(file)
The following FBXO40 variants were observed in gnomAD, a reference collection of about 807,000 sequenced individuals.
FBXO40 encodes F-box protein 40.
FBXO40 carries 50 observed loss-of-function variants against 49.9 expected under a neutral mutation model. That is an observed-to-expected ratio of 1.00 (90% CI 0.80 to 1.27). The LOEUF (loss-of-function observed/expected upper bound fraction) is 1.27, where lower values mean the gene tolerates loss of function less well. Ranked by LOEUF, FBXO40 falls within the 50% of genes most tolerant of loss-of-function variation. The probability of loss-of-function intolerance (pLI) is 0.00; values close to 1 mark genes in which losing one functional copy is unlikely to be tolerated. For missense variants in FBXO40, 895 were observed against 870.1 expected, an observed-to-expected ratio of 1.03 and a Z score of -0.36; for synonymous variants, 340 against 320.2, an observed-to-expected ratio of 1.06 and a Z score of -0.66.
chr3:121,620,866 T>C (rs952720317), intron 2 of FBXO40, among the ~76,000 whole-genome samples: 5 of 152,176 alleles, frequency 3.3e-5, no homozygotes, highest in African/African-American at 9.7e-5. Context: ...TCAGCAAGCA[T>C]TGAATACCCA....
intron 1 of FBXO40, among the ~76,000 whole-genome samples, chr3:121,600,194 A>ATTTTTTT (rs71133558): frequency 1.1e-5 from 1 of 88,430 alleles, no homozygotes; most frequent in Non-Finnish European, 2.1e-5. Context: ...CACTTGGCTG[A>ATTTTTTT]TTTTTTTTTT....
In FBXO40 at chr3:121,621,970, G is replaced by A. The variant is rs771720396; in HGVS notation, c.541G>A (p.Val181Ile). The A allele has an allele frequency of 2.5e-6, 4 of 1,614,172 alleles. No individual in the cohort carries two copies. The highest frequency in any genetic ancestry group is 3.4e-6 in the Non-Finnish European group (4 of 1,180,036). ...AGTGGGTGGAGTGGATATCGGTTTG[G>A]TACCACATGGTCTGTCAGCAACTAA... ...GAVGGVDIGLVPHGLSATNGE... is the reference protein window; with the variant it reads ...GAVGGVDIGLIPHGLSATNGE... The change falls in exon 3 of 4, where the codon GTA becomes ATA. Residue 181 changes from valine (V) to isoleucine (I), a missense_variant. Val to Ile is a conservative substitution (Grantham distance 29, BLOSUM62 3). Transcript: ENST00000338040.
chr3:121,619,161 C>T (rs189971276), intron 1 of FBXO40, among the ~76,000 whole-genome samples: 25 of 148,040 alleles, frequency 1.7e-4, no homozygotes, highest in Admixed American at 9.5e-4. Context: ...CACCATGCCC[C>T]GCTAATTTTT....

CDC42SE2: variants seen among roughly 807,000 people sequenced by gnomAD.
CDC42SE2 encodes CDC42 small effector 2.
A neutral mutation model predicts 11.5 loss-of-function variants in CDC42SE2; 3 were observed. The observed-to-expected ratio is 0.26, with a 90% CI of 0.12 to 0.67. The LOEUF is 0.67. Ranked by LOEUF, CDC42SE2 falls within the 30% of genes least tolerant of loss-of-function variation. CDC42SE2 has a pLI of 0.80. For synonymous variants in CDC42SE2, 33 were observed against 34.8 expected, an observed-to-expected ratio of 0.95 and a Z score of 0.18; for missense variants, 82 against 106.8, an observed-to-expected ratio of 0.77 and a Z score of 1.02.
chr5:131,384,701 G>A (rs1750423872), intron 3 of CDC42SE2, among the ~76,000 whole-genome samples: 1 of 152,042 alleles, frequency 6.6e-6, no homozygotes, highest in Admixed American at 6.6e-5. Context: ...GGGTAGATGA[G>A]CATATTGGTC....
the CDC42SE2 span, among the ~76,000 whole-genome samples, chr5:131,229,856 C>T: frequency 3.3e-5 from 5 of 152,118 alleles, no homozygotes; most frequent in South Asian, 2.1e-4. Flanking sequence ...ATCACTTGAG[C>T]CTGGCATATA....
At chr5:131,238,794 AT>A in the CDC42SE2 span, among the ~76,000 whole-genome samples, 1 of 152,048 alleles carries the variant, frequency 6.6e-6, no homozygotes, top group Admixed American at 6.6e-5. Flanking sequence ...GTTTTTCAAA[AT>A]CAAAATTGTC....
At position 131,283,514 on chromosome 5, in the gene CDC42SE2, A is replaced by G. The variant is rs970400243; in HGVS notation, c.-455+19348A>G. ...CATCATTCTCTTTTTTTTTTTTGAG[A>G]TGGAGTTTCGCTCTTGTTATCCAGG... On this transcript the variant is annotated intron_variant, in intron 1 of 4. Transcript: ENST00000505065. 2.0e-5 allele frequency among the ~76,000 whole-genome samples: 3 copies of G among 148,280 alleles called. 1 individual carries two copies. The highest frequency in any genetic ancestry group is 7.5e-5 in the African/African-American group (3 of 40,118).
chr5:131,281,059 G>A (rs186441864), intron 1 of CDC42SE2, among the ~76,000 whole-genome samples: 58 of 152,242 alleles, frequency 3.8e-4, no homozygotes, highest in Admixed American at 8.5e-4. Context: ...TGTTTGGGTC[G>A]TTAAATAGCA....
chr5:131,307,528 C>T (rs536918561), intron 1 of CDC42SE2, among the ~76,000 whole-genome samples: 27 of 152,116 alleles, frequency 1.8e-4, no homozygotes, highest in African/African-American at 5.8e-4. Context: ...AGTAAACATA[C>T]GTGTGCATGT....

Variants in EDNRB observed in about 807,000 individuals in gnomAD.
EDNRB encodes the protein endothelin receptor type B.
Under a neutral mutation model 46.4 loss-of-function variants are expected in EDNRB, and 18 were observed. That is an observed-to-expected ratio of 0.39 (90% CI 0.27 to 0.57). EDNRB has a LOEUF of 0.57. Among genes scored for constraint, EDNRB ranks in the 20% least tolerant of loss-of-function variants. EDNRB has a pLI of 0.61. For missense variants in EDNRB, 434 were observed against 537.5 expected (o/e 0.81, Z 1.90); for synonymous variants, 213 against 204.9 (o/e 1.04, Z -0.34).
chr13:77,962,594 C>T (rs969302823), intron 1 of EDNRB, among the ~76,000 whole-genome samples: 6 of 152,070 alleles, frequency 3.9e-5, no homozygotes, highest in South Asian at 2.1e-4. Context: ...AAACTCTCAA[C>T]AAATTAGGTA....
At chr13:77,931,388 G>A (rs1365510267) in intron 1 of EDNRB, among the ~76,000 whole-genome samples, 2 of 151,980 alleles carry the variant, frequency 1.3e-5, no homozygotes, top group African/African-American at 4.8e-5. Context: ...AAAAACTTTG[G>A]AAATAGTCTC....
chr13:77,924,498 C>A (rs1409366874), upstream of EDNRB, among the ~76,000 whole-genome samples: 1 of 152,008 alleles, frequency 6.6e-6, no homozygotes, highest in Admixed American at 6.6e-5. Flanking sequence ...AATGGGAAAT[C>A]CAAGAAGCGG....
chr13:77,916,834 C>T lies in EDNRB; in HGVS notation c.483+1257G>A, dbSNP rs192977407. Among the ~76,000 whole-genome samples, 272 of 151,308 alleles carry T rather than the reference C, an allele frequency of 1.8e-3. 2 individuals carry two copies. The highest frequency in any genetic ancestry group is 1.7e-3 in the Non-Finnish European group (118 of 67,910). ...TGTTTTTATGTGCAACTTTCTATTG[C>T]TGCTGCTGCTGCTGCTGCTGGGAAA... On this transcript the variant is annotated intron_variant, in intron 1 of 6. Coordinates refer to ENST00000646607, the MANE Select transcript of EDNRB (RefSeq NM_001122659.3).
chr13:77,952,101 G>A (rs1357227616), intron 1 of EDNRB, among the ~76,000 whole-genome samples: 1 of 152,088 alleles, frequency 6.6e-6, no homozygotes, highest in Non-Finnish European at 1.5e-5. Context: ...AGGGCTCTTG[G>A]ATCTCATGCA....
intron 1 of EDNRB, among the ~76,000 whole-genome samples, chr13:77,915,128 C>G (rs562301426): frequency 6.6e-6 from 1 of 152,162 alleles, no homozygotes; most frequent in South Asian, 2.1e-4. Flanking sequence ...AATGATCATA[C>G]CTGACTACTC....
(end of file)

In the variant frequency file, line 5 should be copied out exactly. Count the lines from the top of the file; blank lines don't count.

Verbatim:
intron 1 of FBXO40, among the ~76,000 whole-genome samples, chr3:121,600,194 A>ATTTTTTT (rs71133558): frequency 1.1e-5 from 1 of 88,430 alleles, no homozygotes; most frequent in Non-Finnish European, 2.1e-5. Context: ...CACTTGGCTG[A>ATTTTTTT]TTTTTTTTTT....